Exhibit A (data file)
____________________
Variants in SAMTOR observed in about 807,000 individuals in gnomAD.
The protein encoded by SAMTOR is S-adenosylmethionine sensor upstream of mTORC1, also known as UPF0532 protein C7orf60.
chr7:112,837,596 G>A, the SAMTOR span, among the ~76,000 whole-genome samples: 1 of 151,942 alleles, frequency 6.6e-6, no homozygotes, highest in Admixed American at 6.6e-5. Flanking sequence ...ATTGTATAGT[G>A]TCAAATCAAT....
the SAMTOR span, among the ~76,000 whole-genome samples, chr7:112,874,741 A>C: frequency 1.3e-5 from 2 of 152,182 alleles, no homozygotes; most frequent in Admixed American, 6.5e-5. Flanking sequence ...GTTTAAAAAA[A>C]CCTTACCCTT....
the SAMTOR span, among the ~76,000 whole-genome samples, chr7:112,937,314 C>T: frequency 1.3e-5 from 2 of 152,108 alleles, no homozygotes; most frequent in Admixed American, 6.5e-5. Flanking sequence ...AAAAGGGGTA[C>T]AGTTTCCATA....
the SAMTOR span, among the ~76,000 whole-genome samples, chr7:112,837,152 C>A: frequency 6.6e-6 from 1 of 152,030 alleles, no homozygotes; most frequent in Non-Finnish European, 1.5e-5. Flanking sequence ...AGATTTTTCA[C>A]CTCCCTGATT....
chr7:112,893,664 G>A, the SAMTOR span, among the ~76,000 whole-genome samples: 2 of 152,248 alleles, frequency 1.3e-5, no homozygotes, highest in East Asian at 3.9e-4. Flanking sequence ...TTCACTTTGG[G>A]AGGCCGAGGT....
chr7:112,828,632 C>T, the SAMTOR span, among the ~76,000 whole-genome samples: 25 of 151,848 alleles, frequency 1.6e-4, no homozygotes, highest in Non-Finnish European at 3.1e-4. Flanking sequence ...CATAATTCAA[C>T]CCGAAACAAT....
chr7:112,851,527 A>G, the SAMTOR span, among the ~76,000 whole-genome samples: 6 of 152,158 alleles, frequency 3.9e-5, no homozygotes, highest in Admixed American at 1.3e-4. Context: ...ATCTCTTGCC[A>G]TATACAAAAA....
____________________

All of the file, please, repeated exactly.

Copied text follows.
Variants in SAMTOR observed in about 807,000 individuals in gnomAD.
The protein encoded by SAMTOR is S-adenosylmethionine sensor upstream of mTORC1, also known as UPF0532 protein C7orf60.
chr7:112,837,596 G>A, the SAMTOR span, among the ~76,000 whole-genome samples: 1 of 151,942 alleles, frequency 6.6e-6, no homozygotes, highest in Admixed American at 6.6e-5. Flanking sequence ...ATTGTATAGT[G>A]TCAAATCAAT....
the SAMTOR span, among the ~76,000 whole-genome samples, chr7:112,874,741 A>C: frequency 1.3e-5 from 2 of 152,182 alleles, no homozygotes; most frequent in Admixed American, 6.5e-5. Flanking sequence ...GTTTAAAAAA[A>C]CCTTACCCTT....
the SAMTOR span, among the ~76,000 whole-genome samples, chr7:112,937,314 C>T: frequency 1.3e-5 from 2 of 152,108 alleles, no homozygotes; most frequent in Admixed American, 6.5e-5. Flanking sequence ...AAAAGGGGTA[C>T]AGTTTCCATA....
the SAMTOR span, among the ~76,000 whole-genome samples, chr7:112,837,152 C>A: frequency 6.6e-6 from 1 of 152,030 alleles, no homozygotes; most frequent in Non-Finnish European, 1.5e-5. Flanking sequence ...AGATTTTTCA[C>A]CTCCCTGATT....
chr7:112,893,664 G>A, the SAMTOR span, among the ~76,000 whole-genome samples: 2 of 152,248 alleles, frequency 1.3e-5, no homozygotes, highest in East Asian at 3.9e-4. Flanking sequence ...TTCACTTTGG[G>A]AGGCCGAGGT....
chr7:112,828,632 C>T, the SAMTOR span, among the ~76,000 whole-genome samples: 25 of 151,848 alleles, frequency 1.6e-4, no homozygotes, highest in Non-Finnish European at 3.1e-4. Flanking sequence ...CATAATTCAA[C>T]CCGAAACAAT....
chr7:112,851,527 A>G, the SAMTOR span, among the ~76,000 whole-genome samples: 6 of 152,158 alleles, frequency 3.9e-5, no homozygotes, highest in Admixed American at 1.3e-4. Context: ...ATCTCTTGCC[A>G]TATACAAAAA....